and hears wind tunnels
pushed by pine stinging nettles.
Here in His sacred voice
a whisper and Pentecostal mind--
confused by hints of
Catholicism and prayers to Mary--
He heals himself in sacred
ponds tossing holy water
over himself--
touching nothing,
but humanity, He recoils
and finishes his desert
walk somewhat estranged.


Do what I tell you to do
your face is like flour dough
your nose like a slant directionally
unknown like an adverb--
tossed into space.
Your hat is like an angel
wedding gown draped
over vodka body
like a Christ shield
protecting you in innocence.
It is here I kiss your lips as a total stranger;
bring myself closely to your eyes;
camp out on your narrow lips
and wait for the morning
before I slide like a sled
deep snow, away.

Michael Lee Johnson lived ten years in Canada during the Vietnam era:  now known as the Illinois poet, from Itasca, IL.  Today he is a poet, freelance writer, photographer who experiments with poetography (blending poetry with photography), and small business owner in Itasca, Illinois, who has been published in more than 750 small press magazines in 26 countries, he edits 7 poetry sites.  Michael is the author of The Lost American:  From Exile to Freedom (136 pages), several chapbooks of poetry, including From Which Place the Morning Rises and Challenge of Night and Day, and Chicago Poems.  He also has over 69 poetry videos on YouTube.  

Friday, October 3, 2014

Three Poems by Ralph Monday

Moon Woman

vivid dream making love to the moon woman after she
told the village children women moon stories pulled me
into her silvery sex warm cold like icy tales told by old
women no pots pans kitchen apparatus sewing needles
just earth rock tree mouths lips thighs woman song ancient
as moss marking hair pressed breasts nourished the world
where I was safe was home was eternal journey on finite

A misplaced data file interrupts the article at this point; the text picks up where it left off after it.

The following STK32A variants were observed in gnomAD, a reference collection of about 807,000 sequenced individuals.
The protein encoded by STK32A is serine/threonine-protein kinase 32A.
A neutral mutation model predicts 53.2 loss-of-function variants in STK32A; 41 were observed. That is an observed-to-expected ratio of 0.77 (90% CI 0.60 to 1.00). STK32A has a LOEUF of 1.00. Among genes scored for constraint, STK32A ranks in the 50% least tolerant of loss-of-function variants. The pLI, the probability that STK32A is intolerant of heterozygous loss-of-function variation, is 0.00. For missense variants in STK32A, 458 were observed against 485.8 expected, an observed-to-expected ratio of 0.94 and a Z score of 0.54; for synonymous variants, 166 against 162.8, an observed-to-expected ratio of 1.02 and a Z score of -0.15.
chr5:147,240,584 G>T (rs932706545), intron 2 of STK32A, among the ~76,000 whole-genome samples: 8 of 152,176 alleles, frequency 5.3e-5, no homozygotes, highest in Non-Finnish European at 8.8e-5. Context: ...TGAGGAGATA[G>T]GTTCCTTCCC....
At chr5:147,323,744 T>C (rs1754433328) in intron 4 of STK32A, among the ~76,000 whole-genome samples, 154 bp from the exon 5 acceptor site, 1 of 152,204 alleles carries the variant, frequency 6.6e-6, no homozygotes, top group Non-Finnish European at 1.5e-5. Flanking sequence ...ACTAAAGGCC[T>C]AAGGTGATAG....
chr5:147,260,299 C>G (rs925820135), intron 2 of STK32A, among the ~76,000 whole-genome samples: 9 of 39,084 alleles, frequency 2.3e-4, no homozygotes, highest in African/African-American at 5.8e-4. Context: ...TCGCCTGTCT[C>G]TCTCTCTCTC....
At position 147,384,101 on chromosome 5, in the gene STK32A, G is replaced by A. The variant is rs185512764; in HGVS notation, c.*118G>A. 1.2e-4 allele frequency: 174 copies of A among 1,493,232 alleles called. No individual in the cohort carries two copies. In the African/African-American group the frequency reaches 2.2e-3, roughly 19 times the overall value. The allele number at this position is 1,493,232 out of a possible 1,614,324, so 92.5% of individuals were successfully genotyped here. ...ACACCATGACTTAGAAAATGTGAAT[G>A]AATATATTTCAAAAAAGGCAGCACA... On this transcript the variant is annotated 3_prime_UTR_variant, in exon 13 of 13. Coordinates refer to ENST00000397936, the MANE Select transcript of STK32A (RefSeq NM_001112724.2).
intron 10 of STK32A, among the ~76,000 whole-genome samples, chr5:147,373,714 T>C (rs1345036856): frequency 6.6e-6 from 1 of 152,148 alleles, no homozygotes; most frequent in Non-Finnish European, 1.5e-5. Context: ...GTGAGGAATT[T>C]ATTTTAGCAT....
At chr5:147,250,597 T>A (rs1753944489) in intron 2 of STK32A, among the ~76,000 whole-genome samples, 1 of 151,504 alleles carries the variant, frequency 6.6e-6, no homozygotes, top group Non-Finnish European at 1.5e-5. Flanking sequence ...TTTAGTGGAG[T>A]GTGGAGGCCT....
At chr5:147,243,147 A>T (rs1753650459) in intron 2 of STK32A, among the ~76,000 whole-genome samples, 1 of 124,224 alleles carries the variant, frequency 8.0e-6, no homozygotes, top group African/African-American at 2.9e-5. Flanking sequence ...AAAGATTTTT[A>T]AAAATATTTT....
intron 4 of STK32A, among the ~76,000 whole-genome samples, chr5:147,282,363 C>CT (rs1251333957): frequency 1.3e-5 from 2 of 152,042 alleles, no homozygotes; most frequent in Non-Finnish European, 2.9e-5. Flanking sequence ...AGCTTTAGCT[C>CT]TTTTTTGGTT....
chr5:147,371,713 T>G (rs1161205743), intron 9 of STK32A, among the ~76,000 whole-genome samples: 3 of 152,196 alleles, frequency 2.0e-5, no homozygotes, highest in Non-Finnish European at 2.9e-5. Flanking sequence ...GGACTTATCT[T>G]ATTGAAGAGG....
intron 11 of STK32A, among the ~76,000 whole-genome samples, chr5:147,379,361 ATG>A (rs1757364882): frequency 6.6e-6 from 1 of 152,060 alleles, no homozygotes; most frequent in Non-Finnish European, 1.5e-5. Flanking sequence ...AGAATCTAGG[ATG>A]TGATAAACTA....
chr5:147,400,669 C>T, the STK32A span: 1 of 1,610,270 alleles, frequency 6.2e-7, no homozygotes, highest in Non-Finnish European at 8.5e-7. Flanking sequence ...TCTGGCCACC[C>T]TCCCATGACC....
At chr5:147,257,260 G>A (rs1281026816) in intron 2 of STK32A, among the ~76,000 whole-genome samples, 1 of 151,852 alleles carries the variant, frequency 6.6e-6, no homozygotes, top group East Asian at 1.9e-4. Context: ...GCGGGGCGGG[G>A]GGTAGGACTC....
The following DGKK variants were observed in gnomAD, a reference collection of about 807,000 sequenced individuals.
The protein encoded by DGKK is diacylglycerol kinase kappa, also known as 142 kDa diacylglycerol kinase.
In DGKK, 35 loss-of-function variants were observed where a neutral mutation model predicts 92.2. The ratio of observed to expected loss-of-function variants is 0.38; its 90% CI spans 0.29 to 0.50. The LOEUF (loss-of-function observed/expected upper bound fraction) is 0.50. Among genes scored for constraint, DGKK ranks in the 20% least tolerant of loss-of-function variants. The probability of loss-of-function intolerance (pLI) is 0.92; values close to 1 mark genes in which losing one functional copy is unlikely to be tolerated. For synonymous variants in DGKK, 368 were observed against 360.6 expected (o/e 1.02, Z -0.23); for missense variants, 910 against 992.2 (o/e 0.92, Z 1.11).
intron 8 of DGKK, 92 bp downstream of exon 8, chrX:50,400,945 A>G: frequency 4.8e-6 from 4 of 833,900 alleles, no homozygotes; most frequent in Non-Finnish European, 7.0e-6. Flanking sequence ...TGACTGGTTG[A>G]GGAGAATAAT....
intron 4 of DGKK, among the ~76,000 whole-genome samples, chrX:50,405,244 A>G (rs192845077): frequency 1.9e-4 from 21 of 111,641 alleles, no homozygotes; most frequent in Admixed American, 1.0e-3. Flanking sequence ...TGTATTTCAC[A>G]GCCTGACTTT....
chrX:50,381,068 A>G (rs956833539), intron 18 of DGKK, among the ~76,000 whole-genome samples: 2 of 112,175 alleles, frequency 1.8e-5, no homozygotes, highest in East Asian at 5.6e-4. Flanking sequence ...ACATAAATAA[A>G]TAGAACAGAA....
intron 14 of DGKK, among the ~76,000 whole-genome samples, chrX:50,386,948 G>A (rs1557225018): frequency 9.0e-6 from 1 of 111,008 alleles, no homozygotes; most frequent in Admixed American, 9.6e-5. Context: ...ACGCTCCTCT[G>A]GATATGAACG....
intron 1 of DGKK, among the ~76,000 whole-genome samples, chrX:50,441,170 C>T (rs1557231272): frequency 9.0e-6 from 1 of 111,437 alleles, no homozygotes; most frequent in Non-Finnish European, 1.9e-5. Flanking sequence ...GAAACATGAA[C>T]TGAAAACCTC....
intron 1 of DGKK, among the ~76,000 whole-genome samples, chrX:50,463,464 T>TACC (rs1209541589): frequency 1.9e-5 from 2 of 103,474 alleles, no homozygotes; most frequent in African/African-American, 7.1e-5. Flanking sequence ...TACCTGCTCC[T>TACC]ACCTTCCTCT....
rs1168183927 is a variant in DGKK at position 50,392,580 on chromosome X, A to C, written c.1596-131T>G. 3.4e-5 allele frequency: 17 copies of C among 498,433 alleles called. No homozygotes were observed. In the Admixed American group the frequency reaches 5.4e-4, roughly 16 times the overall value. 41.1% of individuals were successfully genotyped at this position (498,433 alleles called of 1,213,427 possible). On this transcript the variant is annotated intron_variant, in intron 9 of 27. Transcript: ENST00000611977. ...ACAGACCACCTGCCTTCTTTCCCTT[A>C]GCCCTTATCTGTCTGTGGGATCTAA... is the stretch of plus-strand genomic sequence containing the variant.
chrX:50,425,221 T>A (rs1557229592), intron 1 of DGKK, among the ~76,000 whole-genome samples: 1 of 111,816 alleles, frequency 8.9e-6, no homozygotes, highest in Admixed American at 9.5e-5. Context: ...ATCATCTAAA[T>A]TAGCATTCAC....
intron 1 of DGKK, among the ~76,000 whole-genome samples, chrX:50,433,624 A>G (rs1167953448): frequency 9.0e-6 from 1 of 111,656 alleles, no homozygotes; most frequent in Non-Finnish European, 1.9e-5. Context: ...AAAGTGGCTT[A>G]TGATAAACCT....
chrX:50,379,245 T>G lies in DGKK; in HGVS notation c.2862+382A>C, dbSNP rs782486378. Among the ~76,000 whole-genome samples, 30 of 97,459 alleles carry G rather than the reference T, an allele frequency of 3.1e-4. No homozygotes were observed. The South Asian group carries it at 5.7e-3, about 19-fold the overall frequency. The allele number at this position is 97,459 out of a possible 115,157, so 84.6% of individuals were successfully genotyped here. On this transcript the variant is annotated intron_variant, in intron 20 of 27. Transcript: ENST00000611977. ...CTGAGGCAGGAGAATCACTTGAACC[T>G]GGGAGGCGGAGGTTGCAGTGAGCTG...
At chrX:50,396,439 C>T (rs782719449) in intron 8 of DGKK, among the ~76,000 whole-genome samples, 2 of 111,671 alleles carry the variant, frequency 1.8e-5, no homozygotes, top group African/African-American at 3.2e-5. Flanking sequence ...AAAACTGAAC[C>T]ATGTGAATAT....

end females in perfect accord perfect understanding of
moon mystery under old old sky cloud talking us each
month by mouth by letter by phone by car and road and
asphalt and skyscraper and cave and stone and eyelids
of morning of evening of afternoon and ocean and sky
and nocturnal owl and katydid cry and neap tides eclipse
blood moon blue moon autumn moon winter moon woman
moon animal moon heaven moon hell moon all the laughing
crying lunas dancing in our eyes fingertips lips thighs smooth
smooth sex where we taste the woman taste know the hunger
that will always be unsatisfied for mother maiden crone


mythic cleansing

god gelded castration began with augustine constantine
            took up the cross sent heaven to the sky beheaded satyrs
sylphs bottled in wine casks dropped in the wine dark sea
            zeus and jove and diana and artemis and dionysus and
hera and juno and aphrodite and venus and aries and mars
            and all other male/female divines stripped of golden girdles
sent tumbling to dante's dark vision all the popes and priests
            and bishops laughed at nature's veil made opaque where
angels now invaded the air with swords and blessed wings
            taken from birds that whirled in air crying out dissent
bloodied wings bloodied thought bloody hands desert soaking
            up as oil to anoint all slippery things to come with ethereal
come pumped in by disciples dreaming three magicians playing out
            of tune palms garland for the crown

medieval mulligans

everyman now has the day and castles and cathedrals pie in the sky
             and ibrahim's kaaba house to target the towers later after
the last prophet slept in the cave from its womb fathered by gabriel
             caustic castration continued and the word set the world on
fire where streaming red and black ants horse mounted met to decide